r ways as actors, audition has taught them the importance
rs and promoters. of the art of writing. MT&D
is Westlake's first year junior Porscha Kazmierczak
g Playfest. A playwright directed a show and has greatly
she believes that put- appreciated being a part of the
ays "up on their feet" truly evolution of a play.
new life to a project. "It expanded the view of the
'ill always have an impact creative process," Kazmierczak
.r writing when you have said. "I have a different under-
in front of an audience," standing of what the playwright
ke said. "The language puts into (a play). Without a play-
s; the way the audience wright, there is no show."
ets things will change your The six penmen will be taking
things. You can't help but audiences on a wild roller coaster
visions in mind once a play through different geographic
d a staged reading." domains, from a working-class
community in Pittsburgh to a
Brooklyn flat to a dorm room on
e six works of a reality television show.
Its always a challenge with
[ayfest 2011. so many different plays in one
week, limited actors and resourc-
es," Kazmierczak said. "But that
just forces us to be more creative
ntegral aspect of Playfest and step outside of the box. I
s of the post-show talk- think we've all done that and I
that occur between the think it'll be a great run."
ight and the audience. The Through Playfest, Ann Arbor
ie and feedback are meant will be turning on the lights
atically assist each piece. for new playwrights and audi-
na Donson, an MT&D ences who are ready to explore
debuting a piece at Play- the mysteries and excitement of
as found this collabora- original homegrown theater.
ocess to be very beneficial "You are getting a chance
hout Westlake's class and to explore a new work of art
1 up for the audience reac- and have some input in it," said
his coming week. Kazmierczak. "And who knows?
as been really great getting One of these plays might win the
ck from other students," Hopwood!"

ConvratulationC
The following students will be among those recognized during the Honors Convocation program on Sunday, March 20, 2011. These individuals have demonstrated
the highest level of undergraduate academic success by achieving seven or more consecutive terms of all A's and earning the designation of Angell Scholar.
The University of Michigan congratulates these students on their superior scholastic achievement and wishes them continued success.
Check the Honors Convocation website at www.honors.umich.edu for more information on the Honors Convocation program.
Nine Term Angell Scholars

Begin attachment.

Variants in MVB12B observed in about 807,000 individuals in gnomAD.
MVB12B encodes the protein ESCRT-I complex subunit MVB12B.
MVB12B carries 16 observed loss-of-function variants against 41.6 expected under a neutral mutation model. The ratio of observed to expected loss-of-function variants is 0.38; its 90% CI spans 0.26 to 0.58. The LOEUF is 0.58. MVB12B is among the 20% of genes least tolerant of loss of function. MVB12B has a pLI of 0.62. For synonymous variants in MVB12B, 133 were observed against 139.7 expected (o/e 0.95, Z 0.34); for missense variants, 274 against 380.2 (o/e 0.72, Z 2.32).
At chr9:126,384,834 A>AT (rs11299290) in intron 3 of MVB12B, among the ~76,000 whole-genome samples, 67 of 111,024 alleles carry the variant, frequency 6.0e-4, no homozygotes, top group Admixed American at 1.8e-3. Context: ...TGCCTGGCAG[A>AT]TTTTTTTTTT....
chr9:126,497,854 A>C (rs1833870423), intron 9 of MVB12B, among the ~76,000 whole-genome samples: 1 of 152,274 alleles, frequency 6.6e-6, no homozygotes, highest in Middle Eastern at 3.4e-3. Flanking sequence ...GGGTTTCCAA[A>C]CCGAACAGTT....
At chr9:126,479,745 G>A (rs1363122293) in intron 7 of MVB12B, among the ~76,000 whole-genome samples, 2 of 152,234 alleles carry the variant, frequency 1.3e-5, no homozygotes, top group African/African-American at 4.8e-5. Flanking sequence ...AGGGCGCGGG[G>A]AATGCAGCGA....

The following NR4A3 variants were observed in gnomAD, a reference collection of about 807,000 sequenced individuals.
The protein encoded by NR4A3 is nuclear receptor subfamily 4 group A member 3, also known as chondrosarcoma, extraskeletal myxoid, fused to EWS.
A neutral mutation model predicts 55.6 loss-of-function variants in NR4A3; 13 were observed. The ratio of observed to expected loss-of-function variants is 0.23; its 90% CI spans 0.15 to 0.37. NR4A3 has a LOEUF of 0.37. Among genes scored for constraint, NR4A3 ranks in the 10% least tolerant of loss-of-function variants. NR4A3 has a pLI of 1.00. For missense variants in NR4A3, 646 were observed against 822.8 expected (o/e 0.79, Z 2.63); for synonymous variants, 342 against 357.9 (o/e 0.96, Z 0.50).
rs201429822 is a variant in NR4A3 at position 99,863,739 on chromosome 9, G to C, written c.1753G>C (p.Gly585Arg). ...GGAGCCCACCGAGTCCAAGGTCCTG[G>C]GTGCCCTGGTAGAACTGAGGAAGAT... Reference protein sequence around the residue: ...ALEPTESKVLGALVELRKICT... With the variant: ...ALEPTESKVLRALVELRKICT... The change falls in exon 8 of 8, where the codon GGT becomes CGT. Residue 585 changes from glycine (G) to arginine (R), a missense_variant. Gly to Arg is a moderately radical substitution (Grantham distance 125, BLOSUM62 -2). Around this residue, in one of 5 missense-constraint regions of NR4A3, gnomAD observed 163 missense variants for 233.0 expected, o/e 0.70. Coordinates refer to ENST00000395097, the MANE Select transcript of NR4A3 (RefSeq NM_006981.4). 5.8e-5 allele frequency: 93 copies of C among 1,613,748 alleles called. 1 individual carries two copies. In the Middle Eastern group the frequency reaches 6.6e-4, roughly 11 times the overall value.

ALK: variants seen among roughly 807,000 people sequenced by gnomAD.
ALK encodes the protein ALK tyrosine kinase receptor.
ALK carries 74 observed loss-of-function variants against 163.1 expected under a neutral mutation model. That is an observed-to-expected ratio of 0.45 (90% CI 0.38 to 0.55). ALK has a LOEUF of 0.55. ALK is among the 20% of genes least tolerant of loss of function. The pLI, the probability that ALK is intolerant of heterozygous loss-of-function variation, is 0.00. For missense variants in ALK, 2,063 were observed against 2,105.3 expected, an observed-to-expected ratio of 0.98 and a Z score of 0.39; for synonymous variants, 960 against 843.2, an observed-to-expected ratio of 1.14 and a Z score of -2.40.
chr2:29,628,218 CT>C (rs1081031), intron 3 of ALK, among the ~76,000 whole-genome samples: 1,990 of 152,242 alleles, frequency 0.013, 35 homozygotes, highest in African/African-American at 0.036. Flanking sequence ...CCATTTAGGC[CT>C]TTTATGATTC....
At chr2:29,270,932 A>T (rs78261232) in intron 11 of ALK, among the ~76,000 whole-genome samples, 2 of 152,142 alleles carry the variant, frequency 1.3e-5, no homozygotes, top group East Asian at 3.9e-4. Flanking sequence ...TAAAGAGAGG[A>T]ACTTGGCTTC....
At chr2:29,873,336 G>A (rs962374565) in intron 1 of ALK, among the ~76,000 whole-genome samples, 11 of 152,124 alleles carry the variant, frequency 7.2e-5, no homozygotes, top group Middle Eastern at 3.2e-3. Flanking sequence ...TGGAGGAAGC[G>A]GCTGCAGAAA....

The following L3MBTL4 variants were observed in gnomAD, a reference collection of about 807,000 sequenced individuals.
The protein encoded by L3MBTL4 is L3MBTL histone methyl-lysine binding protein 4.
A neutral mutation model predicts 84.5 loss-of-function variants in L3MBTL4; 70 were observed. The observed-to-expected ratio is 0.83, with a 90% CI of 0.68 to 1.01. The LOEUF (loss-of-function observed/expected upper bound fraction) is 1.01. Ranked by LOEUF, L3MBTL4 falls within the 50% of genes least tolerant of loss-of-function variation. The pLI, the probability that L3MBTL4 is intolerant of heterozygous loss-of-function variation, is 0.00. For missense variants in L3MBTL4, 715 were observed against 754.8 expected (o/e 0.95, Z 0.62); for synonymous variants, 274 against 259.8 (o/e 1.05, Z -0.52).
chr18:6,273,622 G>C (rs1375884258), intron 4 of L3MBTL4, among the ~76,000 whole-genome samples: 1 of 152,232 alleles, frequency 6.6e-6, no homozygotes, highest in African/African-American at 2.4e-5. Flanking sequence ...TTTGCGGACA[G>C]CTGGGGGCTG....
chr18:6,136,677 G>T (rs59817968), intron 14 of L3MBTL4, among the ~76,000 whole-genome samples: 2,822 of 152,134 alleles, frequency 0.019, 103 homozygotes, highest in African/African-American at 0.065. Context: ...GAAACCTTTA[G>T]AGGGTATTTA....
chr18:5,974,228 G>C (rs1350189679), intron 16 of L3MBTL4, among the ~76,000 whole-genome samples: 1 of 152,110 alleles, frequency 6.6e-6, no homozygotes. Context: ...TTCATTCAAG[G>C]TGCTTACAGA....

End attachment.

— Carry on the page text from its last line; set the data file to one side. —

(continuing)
Rana A. Al-Dabagh
Wan Ying Teoh*

College of Arts and Sciences-- UM Flint
College of Literature, Science, and the Arts

Eight Term Angell Scholars

Dmitriy Ansolis*
Andrew Herbert Bissonette*
Frank Michael Davis*
Stephanie R. Mantey*
Lesley Helen Plimpton*
Katie A. Schott*
Charles Frank Schuler IV*
Jessica L. Turner

College of Engineering and Computer Science--UM Dearborn
College of Literature, Science, and the Arts
College of Literature, Science, and the Arts
School of Health Professions and Studies-- UM Flint
Gerald R. Ford School of Public Policy
College of Arts and Sciences-- UM Flint
College of Literature, Science, and the Arts
College of Engineering and Computer Science--UM Dearborn

Seven Term Angell Scholars

Jacki Lynn Anderson*
Daniel Paul Anderson, Jr.*
Tamara Grace Andrade
Austin Vance Arnett*
Azalea Ayuningtyas
Julie Elizabeth Bordato*
Sara Emily Burke
David Byron Chapel
Jeffrey John Chenhall
Virginia Goudreau Cline*
Sean Michael Collins ,'
Melanie Mirdell Conn
Austyn Marie Foster
Traci Jessica Grant*
Andrew John Hayhurst
Tiffany Ann Hsueh
Corrie Zwanet Janssens
Jacqueline Kay Kauza
Miranda Rae Klenow*
Melissa A. Leemhuis

College of Literature, Science, and the Arts
College of Literature, Science, and the Arts
College of Literature, Science, and the Arts
School of Music, Theatre & Dance
College of Literature, Science, and the Arts
College of Literature, Science, and the Arts
College of Literature, Science, and the Arts
College of Literature, Science, and the Arts
College of Engineering
College of Literature, Science, and the Arts
School of Music, Theatre & Dance
School of Art and Design
College of Literature, Science, and the Arts
College of Literature, Science, and the Arts
School of Music, Theatre & Dance
Stephen M. Ross School of Business
College of Literature, Science, and the Arts
College of Literature, Science, and the Arts
School of Nursing
College of Arts and Sciences-- UM Flint

Kathleen Yin Leung
Paul Dunbar Lewis
Colin Alfred Bryant Maloney
Lauren A. Martyn
Lauren Christine McBride
Charles Adam Mouch
Kathryn Frances Mueller
Nicole Prairie Premo*
Paul Thomas Rink
Lauren Elizabeth Rivard
Alyssa Melanie Roy*
Anthony Michael Rubin*
Amber-Jean Vlasti Samson
Spencer Douglas Smith
Marie Lynn Ternes
Erika Nicole Valdivieso
Bryan Joseph Vanduinen
Rebecca M. Wilczak*
Jared Harold Alexander Worthington*

School of Music, Theatre & Dance
School of Music, Theatre & Dance
Gerald R. Ford School of Public Policy
College of Arts and Sciences-- UM Flint
School of Nursing
School of Kinesiology
+School of Music, Theatre & Dance
College of Literature, Science, and the Arts
College of Literature, Science, and the Arts
College of Literature, Science, and the Arts
School of Nursing
College of Literature, Science, and the Arts
College of Literature, Science, and the Arts
College of Literature, Science, and the Arts
College of Engineering
College of Literature, Science, and the Arts
College of Engineering
College of Arts, Sciences, and Letters--UM Dearborn
College of Literature, Science, and the Arts

"

*Denotes graduates

1